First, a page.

Writing 101, Day 11
Writing and not writing
As much as we love to write, it’s important to take breaks — to live your life and have new experiences, and to reflect and recharge so you can come back to your desk, ready to hit the keyboard again. Not writing allows you to gain the distance from your words, and thus perspective, which are both needed when it’s time to edit.
What do you do when you’re not writing? How do you reset and return to this dashboard, refreshed? What do you need in your day-to-day life to maintain balance: Running? Yoga? Gardening? Painting? Cooking?
Today, publish your post in any form you wish, as long as you focus on one or all of these questions.
* * * * *
I’m a bit behind on these assignments as we were on vacation, but am trying to catch up! Day 11’s post was about taking breaks. Getting away from your writing and living your life.
Being a huge fan of Julia Cameron, teacher, author, artist, poet, playwright, novelist, filmmaker, composer, and journalist who is most famous for her book The Artist’s Way (1992), I’ve had it drilled into me that you can’t be very creative when your resource well is all dried up. What does that mean? Just exactly what this assignment for W101 is saying. If you’re not out in the world living your life, having new experiences, learning to look at things from different perspectives, what the heck are you going to write about?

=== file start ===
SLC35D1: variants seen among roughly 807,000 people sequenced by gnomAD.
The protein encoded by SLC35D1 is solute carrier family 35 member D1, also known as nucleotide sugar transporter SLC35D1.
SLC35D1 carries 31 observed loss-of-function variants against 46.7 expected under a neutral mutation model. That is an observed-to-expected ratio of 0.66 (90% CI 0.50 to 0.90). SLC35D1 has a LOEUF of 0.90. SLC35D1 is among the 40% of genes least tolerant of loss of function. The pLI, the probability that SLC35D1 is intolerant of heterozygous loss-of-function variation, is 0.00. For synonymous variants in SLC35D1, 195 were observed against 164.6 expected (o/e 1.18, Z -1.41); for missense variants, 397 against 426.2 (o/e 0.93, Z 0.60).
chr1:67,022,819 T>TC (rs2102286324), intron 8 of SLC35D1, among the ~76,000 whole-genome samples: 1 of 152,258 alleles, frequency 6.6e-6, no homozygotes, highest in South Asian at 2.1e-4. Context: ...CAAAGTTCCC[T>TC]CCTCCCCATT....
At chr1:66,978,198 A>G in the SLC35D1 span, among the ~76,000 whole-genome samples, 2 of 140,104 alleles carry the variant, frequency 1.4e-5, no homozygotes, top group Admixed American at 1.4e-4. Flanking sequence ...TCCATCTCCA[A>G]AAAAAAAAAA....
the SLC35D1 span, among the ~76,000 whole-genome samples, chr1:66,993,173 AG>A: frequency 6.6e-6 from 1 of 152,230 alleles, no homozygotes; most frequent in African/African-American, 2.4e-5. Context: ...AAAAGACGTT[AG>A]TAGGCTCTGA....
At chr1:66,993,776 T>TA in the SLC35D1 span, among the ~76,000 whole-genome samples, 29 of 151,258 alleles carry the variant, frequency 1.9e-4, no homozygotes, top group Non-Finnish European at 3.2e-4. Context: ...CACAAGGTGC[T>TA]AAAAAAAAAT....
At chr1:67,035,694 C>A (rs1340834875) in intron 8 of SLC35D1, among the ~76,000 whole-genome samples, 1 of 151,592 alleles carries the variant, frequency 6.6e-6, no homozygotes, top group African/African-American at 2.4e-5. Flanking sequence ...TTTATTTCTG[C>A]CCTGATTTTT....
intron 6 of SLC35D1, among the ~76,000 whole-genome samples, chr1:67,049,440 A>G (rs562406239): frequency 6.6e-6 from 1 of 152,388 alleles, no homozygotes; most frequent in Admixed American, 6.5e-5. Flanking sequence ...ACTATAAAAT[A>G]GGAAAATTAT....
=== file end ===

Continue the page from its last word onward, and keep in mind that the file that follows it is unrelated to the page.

I TOTALLY get it. One of Cameron’s main tenets in The Artist’s Way is taking artist’s dates, assigned play. She says:
The Artist Date is a once-weekly, festive, solo expedition to explore something that interests you. The Artist Date need not be overtly “artistic” — think mischief more than mastery. Artist Dates fire up the imagination. They spark whimsy. They encourage play. Since art is about the play of ideas, they feed our creative work by replenishing our inner well of images and inspiration. When choosing an Artist Date, it is good to ask yourself, “what sounds fun?” — and then allow yourself to try it. (Julia Cameron Live | The Artist’s Way)
So knowing all that — and even more importantly believing it — why is it that I let my creative well get so bloomin’ empty to the point that I can’t recharge and reset when I need to? Why am I whining all the time that I have nothing to write about?
I’d have to say it’s a matter of insufficient exposure to outside stimuli and a certain resulting depression. I’m a people person, and I need to be around others if I’m to feel alive. Though I feel more like myself around all of you on this blog than I have since I was in college, all that’s done is wet my whistle to get out of Dodge and have a few adventures.
Unfortunately transportation and money issues play a big part in preventing more adventuring. To some that may seem like an excuse, but for a lot of people those are real issues. I’ve been praying — yes, actually PRAYING — to be able to get my own car by the end of the year. If and when that happens, the first thing I’ll be doing is volunteering at the hospital. I can’t think of any better place to meet new people and be of help to others.
So right now though I feel like I’m drowning in my Cinderella duties around the house, I feel like my creative landscape is parched and barren. But I choose to believe the time is coming when this little birdie is going to get out of her cage! Then hopefully I’ll be up to my neck in new experiences!
(Photo Credit: Ethan Miller/Getty Images)